Bryan Caplan’s argument for pacifism
It’s been a while since an argument has made me think as much as Bryan Caplan’s many iterations of his argument for pacifism. The argument goes something like this
- The short-run costs of war are very high
- The long-run benefits of war are highly uncertain
- For a war to be morally justified, its long-run benefits have to be substantially larger than its short-run costs
First of all, the third premise is ambiguous as it stands. I assume that the ‘long-run benefits’ Bryan refers to in the third premise are not the actual but rather expected benefits. Indeed, otherwise his conclusion would not be action-guiding as the whole point is we are highly uncertain over what the long-run benefits actually would be and whether or not they would be substantial. The conclusion would instead read ‘it is highly uncertain whether or not we should go to war’.
Recast, the argument reads
A) The short run costs are very high
B) The long-run benefits of war are highly uncertain
C) For a war to be morally justified, the expected long-run benefits have to be substantially larger than its short-run costs
Hmm, I’m still not happy with the third premise due to the ambiguity of ‘expected’. For example, if there is a coin toss where I get £10 if it’s heads and have to pay £10 if it’s tails the expected value is zero. The most basic concept of expected value is a function of the value of all the possible outcomes multiplied by probabilities of each of those outcomes occurring. In the case of war, this is not a useful idea of expected value, not just due to the problem of assigning probabilities but that the logical space of possible outcomes is indefinable*. Expected value is a very handy concept where you have games with defined rules, but it leaves us high and dry when trying to address most really difficult real-world problems.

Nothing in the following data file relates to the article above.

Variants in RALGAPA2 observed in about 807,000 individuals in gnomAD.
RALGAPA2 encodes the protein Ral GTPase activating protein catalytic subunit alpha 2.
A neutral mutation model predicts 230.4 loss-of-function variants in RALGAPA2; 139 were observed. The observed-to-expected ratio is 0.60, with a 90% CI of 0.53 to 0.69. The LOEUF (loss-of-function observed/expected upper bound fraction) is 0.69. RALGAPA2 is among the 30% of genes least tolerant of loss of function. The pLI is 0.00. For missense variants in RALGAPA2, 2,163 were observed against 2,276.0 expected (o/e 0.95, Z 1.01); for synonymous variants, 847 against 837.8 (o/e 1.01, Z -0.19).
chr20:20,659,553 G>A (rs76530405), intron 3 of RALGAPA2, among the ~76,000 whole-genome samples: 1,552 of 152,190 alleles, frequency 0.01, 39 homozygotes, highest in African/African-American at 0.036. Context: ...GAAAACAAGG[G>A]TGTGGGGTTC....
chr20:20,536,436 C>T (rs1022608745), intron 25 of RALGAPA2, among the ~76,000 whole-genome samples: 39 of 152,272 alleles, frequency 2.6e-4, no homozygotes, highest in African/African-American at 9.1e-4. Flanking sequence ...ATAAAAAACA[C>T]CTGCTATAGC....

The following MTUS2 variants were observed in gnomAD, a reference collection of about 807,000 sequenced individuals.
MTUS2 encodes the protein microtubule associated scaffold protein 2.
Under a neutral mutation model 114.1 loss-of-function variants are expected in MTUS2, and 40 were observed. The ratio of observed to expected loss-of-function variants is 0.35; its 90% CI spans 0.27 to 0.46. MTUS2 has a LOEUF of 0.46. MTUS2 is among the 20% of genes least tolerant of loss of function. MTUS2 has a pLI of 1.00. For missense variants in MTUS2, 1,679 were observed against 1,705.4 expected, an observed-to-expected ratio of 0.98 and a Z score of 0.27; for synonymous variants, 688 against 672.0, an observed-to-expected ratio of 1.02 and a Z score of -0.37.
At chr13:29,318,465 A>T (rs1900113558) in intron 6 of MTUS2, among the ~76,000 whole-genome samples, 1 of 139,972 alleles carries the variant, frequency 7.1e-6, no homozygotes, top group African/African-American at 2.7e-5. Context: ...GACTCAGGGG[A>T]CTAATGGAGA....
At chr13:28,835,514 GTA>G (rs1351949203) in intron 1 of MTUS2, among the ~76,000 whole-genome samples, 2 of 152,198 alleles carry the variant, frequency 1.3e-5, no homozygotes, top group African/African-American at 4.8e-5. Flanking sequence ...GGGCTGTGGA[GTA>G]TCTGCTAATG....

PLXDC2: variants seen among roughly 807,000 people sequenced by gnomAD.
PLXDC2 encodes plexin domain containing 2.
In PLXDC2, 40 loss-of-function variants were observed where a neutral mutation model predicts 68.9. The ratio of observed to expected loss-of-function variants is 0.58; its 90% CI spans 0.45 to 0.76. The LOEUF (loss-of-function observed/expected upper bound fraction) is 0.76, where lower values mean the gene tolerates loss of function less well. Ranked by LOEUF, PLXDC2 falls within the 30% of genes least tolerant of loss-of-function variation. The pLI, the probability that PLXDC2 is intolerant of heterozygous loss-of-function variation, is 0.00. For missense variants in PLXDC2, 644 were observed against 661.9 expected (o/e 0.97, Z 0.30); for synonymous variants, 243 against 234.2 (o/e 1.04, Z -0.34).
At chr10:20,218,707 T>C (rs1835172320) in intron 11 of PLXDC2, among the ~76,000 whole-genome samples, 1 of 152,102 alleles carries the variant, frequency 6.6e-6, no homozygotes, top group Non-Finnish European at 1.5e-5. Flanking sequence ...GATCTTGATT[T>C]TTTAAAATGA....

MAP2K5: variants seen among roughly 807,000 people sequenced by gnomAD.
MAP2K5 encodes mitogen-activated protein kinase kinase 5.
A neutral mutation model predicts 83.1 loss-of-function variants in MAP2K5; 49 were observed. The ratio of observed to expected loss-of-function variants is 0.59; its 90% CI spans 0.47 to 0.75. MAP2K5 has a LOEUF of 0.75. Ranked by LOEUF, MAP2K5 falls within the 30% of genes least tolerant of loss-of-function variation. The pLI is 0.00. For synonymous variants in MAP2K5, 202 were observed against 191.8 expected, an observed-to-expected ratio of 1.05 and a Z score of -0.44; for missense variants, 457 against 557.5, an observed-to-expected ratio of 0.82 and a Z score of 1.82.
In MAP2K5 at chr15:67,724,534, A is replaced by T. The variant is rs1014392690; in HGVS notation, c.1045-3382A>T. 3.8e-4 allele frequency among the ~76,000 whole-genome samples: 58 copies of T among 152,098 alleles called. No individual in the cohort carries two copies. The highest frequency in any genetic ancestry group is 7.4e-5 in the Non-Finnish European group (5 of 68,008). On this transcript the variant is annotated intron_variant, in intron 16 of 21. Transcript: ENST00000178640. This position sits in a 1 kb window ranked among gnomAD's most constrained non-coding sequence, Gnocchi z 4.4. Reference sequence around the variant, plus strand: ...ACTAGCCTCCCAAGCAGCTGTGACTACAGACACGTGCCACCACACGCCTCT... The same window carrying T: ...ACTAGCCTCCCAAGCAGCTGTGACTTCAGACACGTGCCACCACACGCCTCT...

Maybe I’ll think of some way to further refine C) to make it less problematic, but I’m sceptical because I believe this is a particular instance of a very general issue with consequentialist/cost-benefit type moral theorizing: namely, that in conditions of Knightian uncertainty it appears impossible for there to be a fact of the matter about what we ought to do. My argument for this is very simple
- In order for there to be a fact of the matter about what we ought to do, it has to in some way be discoverable (basically a restatement of the ought-implies-can principle)
- In cases where one of the significant consequences is subject to Knightian uncertainty, there is no way to discover any fact of the matter about what we ought to do
Of course, if you add in a Taleb-like premise 3)
- Every moral decision incorporates Knightian uncertainty as to what the (eventual) significant consequences of any decision will be
Then we are led to a most unhappy conclusion
- There is no fact of the matter as to how we should decide moral cases
Back at university, I used to call this the ‘moral paralysis of consequentialism’ – that if what you are genuinely trying to do when making a moral decision is to in some way facilitate the best future outcomes, there is no way of deciding what to do.
I’ve been thinking about this problem for about three years now and I haven’t made any significant progress since I wrote my first undergraduate essay on the subject. Sorry.
Final point, I would be very interested to hear what Bryan has to say about taking strong preventative action against climate-change. And, for that matter, Pascal’s wager. If there is some kind of consistent general decision principle underlying his third premise, discussion of those cases should illuminate greatly.
*Unless you take the possible outcomes to simply be all logically possible outcomes, but I think it’s safe to say this wouldn’t get us anywhere